12 — ISSUE 2

C

oached by KWS Librarian, Mrs Nicole Deans, the KWS Lit Quiz team went head to head with Canada, Hong Kong, New Zealand, Singapore, South Africa, UK and USA. Having read 400 novels, fairy tales and rhymes in the months leading up to the final, the girls fought hard throughout the ten rounds to come from seventh position to finish third in the world. An amazing achievement by our team! Whilst away, the KWS team had the opportunity to experience the natural wonders that New Zealand has to offer, to meet many high profile authors and dignitaries and to form new friendships with readers from all over the world.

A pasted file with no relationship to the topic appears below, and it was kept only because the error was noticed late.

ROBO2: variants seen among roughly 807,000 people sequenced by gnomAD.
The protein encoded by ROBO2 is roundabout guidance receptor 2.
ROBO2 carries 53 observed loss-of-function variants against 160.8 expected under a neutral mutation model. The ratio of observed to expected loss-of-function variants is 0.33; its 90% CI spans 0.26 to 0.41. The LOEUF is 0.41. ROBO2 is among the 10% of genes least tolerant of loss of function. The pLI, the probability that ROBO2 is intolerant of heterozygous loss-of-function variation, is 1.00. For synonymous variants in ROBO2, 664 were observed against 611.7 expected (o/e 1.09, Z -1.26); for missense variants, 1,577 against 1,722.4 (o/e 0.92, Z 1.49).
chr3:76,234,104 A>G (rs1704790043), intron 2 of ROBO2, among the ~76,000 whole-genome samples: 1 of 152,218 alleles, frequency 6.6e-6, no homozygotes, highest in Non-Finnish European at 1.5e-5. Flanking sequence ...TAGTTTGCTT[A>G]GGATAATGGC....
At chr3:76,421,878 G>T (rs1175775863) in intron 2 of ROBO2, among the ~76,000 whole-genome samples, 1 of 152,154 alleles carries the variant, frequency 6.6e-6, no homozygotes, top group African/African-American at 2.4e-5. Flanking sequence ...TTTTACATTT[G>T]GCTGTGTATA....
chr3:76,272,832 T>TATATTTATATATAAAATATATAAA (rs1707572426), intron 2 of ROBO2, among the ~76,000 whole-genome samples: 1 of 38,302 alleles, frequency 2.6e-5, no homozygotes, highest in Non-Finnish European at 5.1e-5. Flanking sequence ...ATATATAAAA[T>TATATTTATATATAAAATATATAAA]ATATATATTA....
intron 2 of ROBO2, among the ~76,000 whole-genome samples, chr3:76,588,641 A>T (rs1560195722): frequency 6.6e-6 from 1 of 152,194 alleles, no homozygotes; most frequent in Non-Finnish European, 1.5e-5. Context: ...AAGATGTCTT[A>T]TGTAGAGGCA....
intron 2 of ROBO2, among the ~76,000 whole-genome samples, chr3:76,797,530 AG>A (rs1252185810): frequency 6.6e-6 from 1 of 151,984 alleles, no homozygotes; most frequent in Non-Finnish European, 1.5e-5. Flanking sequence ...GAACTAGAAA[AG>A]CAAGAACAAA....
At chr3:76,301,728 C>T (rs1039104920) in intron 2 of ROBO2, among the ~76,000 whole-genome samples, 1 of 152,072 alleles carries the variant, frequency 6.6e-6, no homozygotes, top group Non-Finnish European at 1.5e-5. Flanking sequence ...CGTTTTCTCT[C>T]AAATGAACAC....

A journal recount of the event written by Nicole (below), outlines the details of this action-packed week, including the unfolding of the quiz itself. The teams had the first opportunity to meet on Tuesday 16 August when they all started arriving at the YHA, Auckland, which was to be their home for the next week. As students arrived, they quickly made connections with the teams from all over the world with their common love of reading and literature. A relaxed dinner of the international food, pizza, allowed the teams to make connections and share gifts with those other countries. Our girls exchanged gifts with the four girls from the USA team, and both teams exchanged books from their home country, together with other trinkets that represented their homes.


KI NR OSS WOL AR OI S C HO O L